One of the most high-profile accusations against Hughes is related to the opening of the Medical Institute named after himself. Howard donated Hughes Aircraft shares to the institute, making the largest defense contractor a tax-free charity. Hughes retained this status of the company until the end of his life, taking advantage of loopholes in the law and dragging out court cases.

An NY Times article published a year before Hughes’ death calls his “most successful subpoena evader”: in two decades of litigation with US authorities, Hughes almost never showed up for hearings and avoided testifying in person, sending an army of lawyers in his place.

Hughes not only eluded the government, but also sought to influence politics himself, making friends with officials at various levels. This allowed him, for example, to keep a license for his casinos, probably obtained by circumventing the law, and after being removed from the leadership of TWA purchase own a new airline, Air West – the deal was even approved by the Civil Aviation Committee.

But his own interest was not the only thing that interested him in politics. According to Robert Mahe, the former right-hand man of Hughes, who was fired after Dietrich, in 1968 Howard sent him offer $1 million, first to President Johnson, and then to Nixon for the abolition of nuclear tests in Nevada. At the same time, Hughes did not have any visible party preferences, generously sponsoring both the Democrats and the Republicans in the elections, depending on their interests.

By the end of his life, Hughes was constantly monitored by intelligence agents and paparazzi, so he spent his last years hiding in constant moving from hotel to hotel. The film The Aviator, based on his biography, tells in detail about how Hughes escaped from antitrust, tax and FBI prosecutions.

Leonardo DiCaprio as Hughes in The Aviator.  Source: https://filmz.ru/photos/films/2406/

In recent years, the inventor has become a recluse. By the time of his death in 1976, Hughes had not been seen by relatives for so long that the FBI used fingerprinting to identify the body of an overgrown old man. Hughes did not leave a will, so after a long process, the court divided his property between 22 relatives, forcing them to offset $300 million in unpaid taxes. Hughes Aircraft was sold to General Motors.

Interestingly, after his death, Hughes managed to once again defeat the American government, posthumously forcing him to recognize his merits in an intellectual property court. In 1993, after 20 years of litigation in the case of Howard Hughes v. USA, the court decidedthat the United States and Great Britain illegally used stabilization systems on Skynet II satellites patented by the businessman’s company and decided to pay royalties to the company. Well, better late…

Howard Hughes’ Recipe for Success

In addition to aviation, Howard Hughes’ business empire included a variety of areas: brewing, electronics, cinema, and casinos. But a special place among them was occupied by the same Medical Institute, which helped him avoid paying taxes. Despite the controversial history of creation, the institution was and remains one of the leading research centers in genetics, biology and immunology. Since its inception, thirty scientists affiliated with the Institute, got Nobel Prizes.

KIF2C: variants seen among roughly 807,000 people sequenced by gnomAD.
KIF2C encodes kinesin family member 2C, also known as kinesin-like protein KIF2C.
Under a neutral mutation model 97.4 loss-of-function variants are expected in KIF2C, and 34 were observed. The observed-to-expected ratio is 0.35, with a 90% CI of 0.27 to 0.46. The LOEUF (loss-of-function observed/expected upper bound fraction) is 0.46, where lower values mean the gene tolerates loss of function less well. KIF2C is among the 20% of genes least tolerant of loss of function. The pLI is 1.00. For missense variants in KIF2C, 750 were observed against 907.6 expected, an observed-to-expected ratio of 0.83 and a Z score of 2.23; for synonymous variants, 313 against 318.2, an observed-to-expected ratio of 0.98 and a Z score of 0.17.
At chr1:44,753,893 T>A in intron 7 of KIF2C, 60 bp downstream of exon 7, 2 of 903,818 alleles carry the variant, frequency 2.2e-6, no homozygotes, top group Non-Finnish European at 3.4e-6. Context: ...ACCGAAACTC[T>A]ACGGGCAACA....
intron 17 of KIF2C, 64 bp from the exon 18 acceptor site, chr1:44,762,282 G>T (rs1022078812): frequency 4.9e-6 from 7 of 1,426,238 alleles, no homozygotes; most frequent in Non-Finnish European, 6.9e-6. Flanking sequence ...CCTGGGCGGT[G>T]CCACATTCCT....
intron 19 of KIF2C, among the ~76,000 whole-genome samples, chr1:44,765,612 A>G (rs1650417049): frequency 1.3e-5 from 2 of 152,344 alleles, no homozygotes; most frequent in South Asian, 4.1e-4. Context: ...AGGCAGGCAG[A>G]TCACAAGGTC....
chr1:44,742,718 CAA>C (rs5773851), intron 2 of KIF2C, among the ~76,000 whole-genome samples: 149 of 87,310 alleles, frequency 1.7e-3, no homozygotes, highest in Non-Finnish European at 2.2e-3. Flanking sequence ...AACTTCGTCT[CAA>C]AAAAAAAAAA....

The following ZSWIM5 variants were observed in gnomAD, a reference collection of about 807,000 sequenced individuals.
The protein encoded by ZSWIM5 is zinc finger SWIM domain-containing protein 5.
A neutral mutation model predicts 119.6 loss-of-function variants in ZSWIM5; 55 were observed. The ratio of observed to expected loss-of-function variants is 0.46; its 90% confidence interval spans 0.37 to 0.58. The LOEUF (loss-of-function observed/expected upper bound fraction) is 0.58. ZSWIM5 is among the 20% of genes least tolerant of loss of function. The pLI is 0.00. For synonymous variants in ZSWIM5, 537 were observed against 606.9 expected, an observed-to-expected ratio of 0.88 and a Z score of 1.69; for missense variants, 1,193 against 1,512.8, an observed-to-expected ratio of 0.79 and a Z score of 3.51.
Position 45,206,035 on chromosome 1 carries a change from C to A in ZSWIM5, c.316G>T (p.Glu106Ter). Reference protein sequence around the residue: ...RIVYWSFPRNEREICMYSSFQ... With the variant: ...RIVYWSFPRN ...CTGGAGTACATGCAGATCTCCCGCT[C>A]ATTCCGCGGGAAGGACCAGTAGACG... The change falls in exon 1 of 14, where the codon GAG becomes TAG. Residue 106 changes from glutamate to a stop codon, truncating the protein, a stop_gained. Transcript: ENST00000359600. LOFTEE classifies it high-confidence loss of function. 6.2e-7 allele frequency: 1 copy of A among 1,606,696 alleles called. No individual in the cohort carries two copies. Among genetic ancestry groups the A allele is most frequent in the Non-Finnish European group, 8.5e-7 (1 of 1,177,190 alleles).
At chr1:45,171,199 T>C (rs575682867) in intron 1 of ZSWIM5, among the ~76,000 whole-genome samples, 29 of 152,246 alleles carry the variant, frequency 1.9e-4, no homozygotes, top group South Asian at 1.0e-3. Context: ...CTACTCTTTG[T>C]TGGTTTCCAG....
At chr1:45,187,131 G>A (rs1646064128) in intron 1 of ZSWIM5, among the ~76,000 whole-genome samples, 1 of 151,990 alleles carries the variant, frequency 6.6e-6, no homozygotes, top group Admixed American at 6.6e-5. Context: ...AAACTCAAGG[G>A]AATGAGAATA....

Part of the billionaire’s interest in the biomedical industry explained his own ailments: towards the end of his life, Hughes almost lost his hearing and acutely suffered from obsessive-compulsive disorder, overcome by an obsessive desire for cleanliness. Hughes himself declaredthat he wants to create an institution that will do basic research to study the “origin of life itself.”

In the past 47 years since the death of its creator, the Institute has registered hundreds of patents. Among them, for example, methodsallowing to detect cell mutation in the body, three-dimensional microscopes and genetically modified biomaterials. With their help, scientists are looking for ways to counteract HIV / AIDS, cardiovascular disease, cancer and diabetes. Total Howard Hughes Medical Institute was over 200 patent applications filed.

It seems that Hughes’ ability to turn everything he turned into gold is greatly exaggerated and perhaps mythologized by himself. His own aeronautical developments often failed to meet the demands of the industry and never made it into mass production, and his engineering mania eventually ruined his airline.

Howard Hughes at the controls of his own plane.  Source

Howard Hughes at the controls of his own plane. Source

Despite this, Hughes was driven by the passion for innovation and business acumen inherited from his father. Natural adventurism allowed the billionaire to take on every business that fascinated him with passion, although not all of them became successful. With his insane energy, he set in motion aircraft designers and Hollywood filmmakers, army generals and presidents, attracting constant attention to his personality, who wondered where the eccentric billionaire had disappeared this time.

Thanks to these qualities, Hughes became the owner of the greatest business empire, but lost his mental health and left no descendants to whom he could pass on a thriving business, as his father once did.

Nevertheless, the name Hughes is preserved in the names of several companies whose shares are still traded on the stock exchange, and the developments of the same Hughes Aircraft are still cited in patents. So the aviator left a certain legacy.